Next in time, back in the USA, I spent many vacations traveling the South by myself by car doing genealogy, working from Oklahoma back through the Southern states and up the East Coast only to learn that my first colonial ancestor had lived about an hour from where I live now, when he as a young man in late 1600s. It took six generations for my ancestors to get to Oklahoma, but just one generation — the seventh which was my grandfather — to get us back to where the family started, all without ever knowing it at the time. My grandfather’s sister and family OTOH went to California, so we have the country pretty well covered. 🙂

    So while some thought it was a brave thing back then for a woman alone to travel to unknown spots at the time, it always struck me that I was in a car on highways with motels to live in, while the ancestors I was tracking did it by going across country into areas unknown to any but Indians. My family decided that the need “to hit the road” or see new areas was a decided family trait best shown by my grandfather, my mother and me. “White line fever” I called it from a Merle Haggard song, even though my pioneer ancestors didn’t have roads, never mind white lines (or railroads).

    • Eliza, this is so interesting. Going to Scotland and traveling all over Europe…wow, what a fantastic thing to have in your life to remember. Such knowledge. And I love the genealogy research and travel to go with it. I’ve got to go with your family on this one. You’re brave!!!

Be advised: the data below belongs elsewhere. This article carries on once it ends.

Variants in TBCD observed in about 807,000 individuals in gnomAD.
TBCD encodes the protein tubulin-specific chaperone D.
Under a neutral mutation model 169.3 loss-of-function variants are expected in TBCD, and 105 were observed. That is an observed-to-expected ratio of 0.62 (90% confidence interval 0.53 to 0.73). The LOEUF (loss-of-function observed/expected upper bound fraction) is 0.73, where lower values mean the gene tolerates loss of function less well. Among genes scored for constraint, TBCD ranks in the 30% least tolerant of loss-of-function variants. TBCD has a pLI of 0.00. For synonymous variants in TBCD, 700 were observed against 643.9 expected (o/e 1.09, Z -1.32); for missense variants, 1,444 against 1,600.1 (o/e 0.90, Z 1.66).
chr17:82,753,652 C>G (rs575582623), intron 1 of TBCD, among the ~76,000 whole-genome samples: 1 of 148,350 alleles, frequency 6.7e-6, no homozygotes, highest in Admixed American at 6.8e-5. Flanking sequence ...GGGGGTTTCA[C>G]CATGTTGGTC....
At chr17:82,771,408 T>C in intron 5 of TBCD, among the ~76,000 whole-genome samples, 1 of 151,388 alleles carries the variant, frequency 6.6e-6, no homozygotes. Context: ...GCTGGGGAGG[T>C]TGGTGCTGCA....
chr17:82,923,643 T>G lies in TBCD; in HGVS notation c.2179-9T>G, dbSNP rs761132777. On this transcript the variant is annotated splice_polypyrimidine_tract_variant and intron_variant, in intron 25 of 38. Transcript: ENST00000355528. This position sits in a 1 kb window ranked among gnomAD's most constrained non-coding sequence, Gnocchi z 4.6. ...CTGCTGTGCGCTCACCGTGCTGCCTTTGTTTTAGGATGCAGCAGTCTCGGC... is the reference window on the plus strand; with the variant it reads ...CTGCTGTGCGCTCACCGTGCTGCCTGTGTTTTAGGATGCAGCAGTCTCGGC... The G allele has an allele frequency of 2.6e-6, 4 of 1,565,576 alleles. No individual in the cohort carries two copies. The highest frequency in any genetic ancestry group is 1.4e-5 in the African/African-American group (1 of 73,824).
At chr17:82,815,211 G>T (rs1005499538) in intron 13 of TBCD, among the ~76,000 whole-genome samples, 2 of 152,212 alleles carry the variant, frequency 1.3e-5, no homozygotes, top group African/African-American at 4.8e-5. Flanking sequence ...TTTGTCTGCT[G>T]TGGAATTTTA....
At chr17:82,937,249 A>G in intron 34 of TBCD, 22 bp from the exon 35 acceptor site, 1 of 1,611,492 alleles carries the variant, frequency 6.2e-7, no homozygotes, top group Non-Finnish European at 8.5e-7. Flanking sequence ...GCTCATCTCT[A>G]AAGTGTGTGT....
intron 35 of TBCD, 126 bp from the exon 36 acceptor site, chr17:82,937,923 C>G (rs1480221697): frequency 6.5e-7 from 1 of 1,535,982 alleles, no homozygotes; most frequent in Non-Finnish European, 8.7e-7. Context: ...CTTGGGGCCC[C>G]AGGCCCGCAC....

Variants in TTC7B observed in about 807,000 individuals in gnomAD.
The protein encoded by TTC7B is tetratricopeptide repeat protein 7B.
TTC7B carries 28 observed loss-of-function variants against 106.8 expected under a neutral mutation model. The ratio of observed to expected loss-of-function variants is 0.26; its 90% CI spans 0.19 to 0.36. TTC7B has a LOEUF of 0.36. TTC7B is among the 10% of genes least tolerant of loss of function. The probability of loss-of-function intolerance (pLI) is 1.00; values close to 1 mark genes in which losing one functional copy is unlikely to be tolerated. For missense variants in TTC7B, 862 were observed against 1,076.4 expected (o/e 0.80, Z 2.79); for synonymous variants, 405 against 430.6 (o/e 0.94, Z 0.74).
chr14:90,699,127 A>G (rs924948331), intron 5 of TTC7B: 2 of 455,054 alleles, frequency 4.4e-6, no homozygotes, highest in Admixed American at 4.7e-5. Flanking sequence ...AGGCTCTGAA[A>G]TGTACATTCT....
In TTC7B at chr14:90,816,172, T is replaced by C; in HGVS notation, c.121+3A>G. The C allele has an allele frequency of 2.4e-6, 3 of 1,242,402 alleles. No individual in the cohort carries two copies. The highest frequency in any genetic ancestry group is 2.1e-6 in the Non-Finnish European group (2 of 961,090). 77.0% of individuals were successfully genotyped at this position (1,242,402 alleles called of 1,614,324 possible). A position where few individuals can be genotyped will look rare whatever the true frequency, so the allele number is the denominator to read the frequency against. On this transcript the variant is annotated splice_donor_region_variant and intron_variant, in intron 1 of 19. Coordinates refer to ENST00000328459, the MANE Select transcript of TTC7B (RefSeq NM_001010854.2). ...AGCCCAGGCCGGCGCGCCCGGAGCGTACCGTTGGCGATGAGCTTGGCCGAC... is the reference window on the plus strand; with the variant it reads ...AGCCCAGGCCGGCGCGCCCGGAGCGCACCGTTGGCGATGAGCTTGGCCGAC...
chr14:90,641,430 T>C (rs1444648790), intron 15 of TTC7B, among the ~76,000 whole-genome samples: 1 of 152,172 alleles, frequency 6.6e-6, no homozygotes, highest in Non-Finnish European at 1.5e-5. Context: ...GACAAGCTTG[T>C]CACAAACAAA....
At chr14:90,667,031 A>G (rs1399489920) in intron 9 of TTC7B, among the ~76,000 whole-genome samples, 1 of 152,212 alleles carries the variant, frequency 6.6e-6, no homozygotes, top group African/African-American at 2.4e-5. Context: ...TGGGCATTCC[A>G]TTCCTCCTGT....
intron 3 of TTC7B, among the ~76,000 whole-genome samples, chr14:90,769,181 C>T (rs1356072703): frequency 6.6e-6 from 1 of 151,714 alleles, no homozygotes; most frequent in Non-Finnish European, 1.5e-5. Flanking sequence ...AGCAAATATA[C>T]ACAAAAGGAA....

17. I don’t think I could have done that. Being on the road for days on end does not appeal to me. I certainly admire those who did forge a path through the west. He must have been married because you mention a father-in-law. Can you imagine being his wife? His portrait would make an interesting hero template.


    • Sylvia, not my thing either.
      I looked around for more info on his wife and children. John C and Jessie Fremont had five children, two died in infancy.
      She was an author who wrote books about her husband’s explorations and books about Kit Carson, too, helping make both men very famous. She lived all over the US, her husband was gov. or California and Arizona at different times. She grew up in Missouri and Wash. DC the daughter of a senator.
      Very influential and respected woman who was a huge supporter of her husband and fascinated by his pathfinding!

    • John C Fremont isn’t in this one, I’m just talking about him because I’ve become fascinated by these early explorers as I research my books and fully realize just how bold they were.

  18. I sure enjoyed this post Mary! I remember something of Fremont from history class, but nothing to this extent! I grew up out in San Diego and remember that there was a Fremont Jr. High School nearby. He sure sounds like a colorful character.